Unfortunately for shareholders, when Dreadnought Resources Limited (ASX:DRE) reported results for the period to June 2019, its auditors, Grant Thornton, expressed uncertainty about whether it can continue as a going concern. This means that, based on the financial results to that date, the company arguably should raise capital, or otherwise strengthen the balance sheet, as soon as possible.
Given its situation, it may not be in a good position to raise capital on favorable terms. So shareholders should absolutely be taking a close look at how risky the balance sheet is. The big consideration is whether it can repay its debt, since in the worst case scenario, creditors could force the company to bankruptcy.
How Much Debt Does Dreadnought Resources Carry?
You can click the graphic below for the historical numbers, but it shows that as of June 2019 Dreadnought Resources had AU$560.5k of debt, an increase on , over one year. However, its balance sheet shows it holds AU$648.0k in cash, so it actually has AU$87.5k net cash.
How Healthy Is Dreadnought Resources's Balance Sheet?
We can see from the most recent balance sheet that Dreadnought Resources had liabilities of AU$194.6k falling due within a year, and liabilities of AU$560.5k due beyond that. Offsetting this, it had AU$648.0k in cash and AU$18.9k in receivables that were due within 12 months. So its liabilities total AU$88.2k more than the combination of its cash and short-term receivables.
This state of affairs indicates that Dreadnought Resources's balance sheet looks quite solid, as its total liabilities are just about equal to its liquid assets. So it's very unlikely that the AU$10.3m company is short on cash, but still worth keeping an eye on the balance sheet. Despite its noteworthy liabilities, Dreadnought Resources boasts net cash, so it's fair to say it does not have a heavy debt load! The balance sheet is clearly the area to focus on when you are analysing debt. But it is Dreadnought Resources's earnings that will influence how the balance sheet holds up in the future. So if you're keen to discover more about its earnings, it might be worth checking out this graph of its long term earnings trend.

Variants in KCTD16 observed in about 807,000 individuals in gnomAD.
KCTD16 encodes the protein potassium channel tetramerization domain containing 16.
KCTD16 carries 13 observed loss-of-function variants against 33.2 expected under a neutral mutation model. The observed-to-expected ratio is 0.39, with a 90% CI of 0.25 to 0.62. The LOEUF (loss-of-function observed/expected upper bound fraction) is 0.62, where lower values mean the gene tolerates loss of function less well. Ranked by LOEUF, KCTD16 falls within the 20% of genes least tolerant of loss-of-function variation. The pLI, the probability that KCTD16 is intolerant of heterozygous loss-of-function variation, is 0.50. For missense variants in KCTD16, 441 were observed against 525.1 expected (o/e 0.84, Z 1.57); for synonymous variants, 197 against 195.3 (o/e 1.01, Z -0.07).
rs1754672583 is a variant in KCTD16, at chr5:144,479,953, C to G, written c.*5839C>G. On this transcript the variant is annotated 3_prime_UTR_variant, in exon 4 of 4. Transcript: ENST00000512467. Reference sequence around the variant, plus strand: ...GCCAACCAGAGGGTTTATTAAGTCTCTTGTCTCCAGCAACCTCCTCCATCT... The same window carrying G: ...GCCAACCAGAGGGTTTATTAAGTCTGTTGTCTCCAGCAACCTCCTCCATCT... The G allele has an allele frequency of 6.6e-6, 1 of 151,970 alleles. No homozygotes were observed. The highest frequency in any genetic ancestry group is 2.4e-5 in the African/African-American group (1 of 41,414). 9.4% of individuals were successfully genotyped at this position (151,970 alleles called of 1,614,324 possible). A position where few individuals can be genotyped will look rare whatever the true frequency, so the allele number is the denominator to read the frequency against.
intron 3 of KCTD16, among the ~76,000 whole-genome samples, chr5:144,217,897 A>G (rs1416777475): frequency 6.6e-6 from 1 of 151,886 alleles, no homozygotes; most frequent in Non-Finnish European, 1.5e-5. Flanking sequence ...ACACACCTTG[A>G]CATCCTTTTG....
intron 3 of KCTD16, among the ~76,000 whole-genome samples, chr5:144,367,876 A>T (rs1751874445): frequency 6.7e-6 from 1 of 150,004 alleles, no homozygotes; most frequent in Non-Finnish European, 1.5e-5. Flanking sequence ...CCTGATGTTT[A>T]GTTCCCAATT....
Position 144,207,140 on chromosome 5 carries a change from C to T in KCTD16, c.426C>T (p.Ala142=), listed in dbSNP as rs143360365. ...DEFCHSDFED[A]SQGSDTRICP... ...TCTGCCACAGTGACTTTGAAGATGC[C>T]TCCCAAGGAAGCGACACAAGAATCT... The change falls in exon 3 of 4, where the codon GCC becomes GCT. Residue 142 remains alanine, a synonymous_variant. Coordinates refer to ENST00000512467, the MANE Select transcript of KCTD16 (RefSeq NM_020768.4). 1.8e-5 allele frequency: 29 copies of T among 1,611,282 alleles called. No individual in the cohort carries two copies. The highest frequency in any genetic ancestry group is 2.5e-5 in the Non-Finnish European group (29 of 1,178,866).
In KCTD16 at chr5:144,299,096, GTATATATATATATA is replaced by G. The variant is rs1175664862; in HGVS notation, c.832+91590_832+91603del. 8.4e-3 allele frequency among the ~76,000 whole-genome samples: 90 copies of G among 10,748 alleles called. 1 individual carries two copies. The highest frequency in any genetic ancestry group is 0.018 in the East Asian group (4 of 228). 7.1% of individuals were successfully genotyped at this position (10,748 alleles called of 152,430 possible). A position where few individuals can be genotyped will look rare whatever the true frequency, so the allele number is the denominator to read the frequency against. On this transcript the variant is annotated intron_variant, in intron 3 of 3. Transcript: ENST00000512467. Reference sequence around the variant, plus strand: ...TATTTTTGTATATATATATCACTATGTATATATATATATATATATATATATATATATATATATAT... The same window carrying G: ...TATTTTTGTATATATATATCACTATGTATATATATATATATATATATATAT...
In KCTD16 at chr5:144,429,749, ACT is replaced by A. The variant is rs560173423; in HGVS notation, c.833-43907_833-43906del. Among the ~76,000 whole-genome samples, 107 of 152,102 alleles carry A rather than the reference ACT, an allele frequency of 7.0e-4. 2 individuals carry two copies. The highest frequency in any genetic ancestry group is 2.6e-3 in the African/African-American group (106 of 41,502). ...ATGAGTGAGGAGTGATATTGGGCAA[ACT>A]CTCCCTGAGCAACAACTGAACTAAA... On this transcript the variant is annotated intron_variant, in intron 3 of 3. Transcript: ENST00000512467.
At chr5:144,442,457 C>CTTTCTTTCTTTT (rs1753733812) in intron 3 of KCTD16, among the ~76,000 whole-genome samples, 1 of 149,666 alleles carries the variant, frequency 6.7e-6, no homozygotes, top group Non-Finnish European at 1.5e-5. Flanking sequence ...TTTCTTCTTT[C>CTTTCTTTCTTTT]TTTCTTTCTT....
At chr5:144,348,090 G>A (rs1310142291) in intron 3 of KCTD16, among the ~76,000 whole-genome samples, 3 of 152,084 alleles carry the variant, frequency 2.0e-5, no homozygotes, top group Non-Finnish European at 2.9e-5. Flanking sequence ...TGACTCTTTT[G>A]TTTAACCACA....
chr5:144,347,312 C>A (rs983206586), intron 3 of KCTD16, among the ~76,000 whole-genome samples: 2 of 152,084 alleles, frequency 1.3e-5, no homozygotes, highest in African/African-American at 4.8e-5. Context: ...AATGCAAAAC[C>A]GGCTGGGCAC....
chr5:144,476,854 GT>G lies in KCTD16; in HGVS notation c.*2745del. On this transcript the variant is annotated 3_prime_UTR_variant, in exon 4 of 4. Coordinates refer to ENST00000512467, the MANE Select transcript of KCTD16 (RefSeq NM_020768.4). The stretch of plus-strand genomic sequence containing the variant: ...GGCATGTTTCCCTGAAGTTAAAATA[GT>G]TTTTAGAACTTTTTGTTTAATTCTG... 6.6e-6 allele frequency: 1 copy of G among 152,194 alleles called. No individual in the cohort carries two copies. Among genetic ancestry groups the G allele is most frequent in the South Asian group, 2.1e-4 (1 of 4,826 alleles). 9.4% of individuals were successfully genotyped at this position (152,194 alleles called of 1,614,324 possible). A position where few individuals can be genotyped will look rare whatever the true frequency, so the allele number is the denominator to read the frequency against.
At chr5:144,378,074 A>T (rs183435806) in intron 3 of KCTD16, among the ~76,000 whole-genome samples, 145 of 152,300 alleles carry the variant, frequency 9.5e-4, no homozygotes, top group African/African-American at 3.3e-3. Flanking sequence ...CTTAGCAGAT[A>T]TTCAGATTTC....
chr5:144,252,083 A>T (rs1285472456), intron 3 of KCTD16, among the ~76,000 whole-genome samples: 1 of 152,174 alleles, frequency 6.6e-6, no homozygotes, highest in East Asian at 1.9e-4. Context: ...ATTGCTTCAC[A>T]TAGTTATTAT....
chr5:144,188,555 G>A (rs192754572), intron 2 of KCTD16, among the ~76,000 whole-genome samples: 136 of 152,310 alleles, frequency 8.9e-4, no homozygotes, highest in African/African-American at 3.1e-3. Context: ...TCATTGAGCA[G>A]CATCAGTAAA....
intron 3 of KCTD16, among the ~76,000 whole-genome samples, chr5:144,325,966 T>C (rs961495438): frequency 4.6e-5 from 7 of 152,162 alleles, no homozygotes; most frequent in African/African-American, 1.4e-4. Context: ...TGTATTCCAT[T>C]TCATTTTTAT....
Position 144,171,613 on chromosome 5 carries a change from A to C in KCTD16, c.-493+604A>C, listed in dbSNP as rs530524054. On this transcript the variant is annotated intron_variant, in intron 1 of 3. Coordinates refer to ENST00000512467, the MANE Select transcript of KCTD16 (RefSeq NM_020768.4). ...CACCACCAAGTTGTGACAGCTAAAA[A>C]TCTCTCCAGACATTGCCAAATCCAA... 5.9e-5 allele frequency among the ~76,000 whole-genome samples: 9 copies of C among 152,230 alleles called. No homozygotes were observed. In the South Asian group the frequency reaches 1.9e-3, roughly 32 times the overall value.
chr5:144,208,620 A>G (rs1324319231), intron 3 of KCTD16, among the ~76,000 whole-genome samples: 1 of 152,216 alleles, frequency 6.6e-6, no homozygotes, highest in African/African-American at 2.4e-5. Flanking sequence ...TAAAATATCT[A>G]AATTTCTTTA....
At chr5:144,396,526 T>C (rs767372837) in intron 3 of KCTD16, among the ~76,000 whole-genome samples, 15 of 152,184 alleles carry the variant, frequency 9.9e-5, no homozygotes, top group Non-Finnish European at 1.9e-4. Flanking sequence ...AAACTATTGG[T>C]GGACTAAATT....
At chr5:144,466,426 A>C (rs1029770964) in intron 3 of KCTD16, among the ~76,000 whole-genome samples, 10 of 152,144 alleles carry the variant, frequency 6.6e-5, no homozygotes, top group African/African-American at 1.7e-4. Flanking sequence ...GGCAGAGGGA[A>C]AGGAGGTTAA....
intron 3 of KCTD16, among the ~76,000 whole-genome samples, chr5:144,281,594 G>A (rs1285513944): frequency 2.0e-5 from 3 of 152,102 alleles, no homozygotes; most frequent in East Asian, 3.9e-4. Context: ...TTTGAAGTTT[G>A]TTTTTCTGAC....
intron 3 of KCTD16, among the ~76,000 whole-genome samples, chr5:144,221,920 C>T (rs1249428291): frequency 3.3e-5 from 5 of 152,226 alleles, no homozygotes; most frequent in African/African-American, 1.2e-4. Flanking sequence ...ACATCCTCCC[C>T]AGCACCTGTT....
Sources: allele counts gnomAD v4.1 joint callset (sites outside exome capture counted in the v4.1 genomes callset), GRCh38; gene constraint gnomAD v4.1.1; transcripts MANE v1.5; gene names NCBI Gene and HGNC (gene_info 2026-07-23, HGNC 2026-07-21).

Given its lack of meaningful operating revenue, investors are probably hoping that Dreadnought Resources finds some valuable resources, before it runs out of money.
So How Risky Is Dreadnought Resources?
By their very nature companies that are losing money are more risky than those with a long history of profitability. And we do note that Dreadnought Resources had negative earnings before interest and tax (EBIT), over the last year. Indeed, in that time it burnt through AU$697k of cash and made a loss of AU$681k. With only AU$87.5k on the balance sheet, it would appear that its going to need to raise capital again soon. Dreadnought Resources's revenue growth shone bright over the last year, so it may well be in a position to turn a profit in due course. Pre-profit companies are often risky, but they can also offer great rewards. We prefer to avoid a company after its auditor has expressed any uncertainty about its ability to continue as a going concern. That's because we find it more comfortable to invest in companies that always keep the balance sheet reasonably strong. When I consider a company to be a bit risky, I think it is responsible to check out whether insiders have been reporting any share sales. Luckily, you can click here ito see our graphic depicting Dreadnought Resources insider transactions.
When all is said and done, sometimes its easier to focus on companies that don't even need debt. Readers can access a list of growth stocks with zero net debt 100% free, right now.
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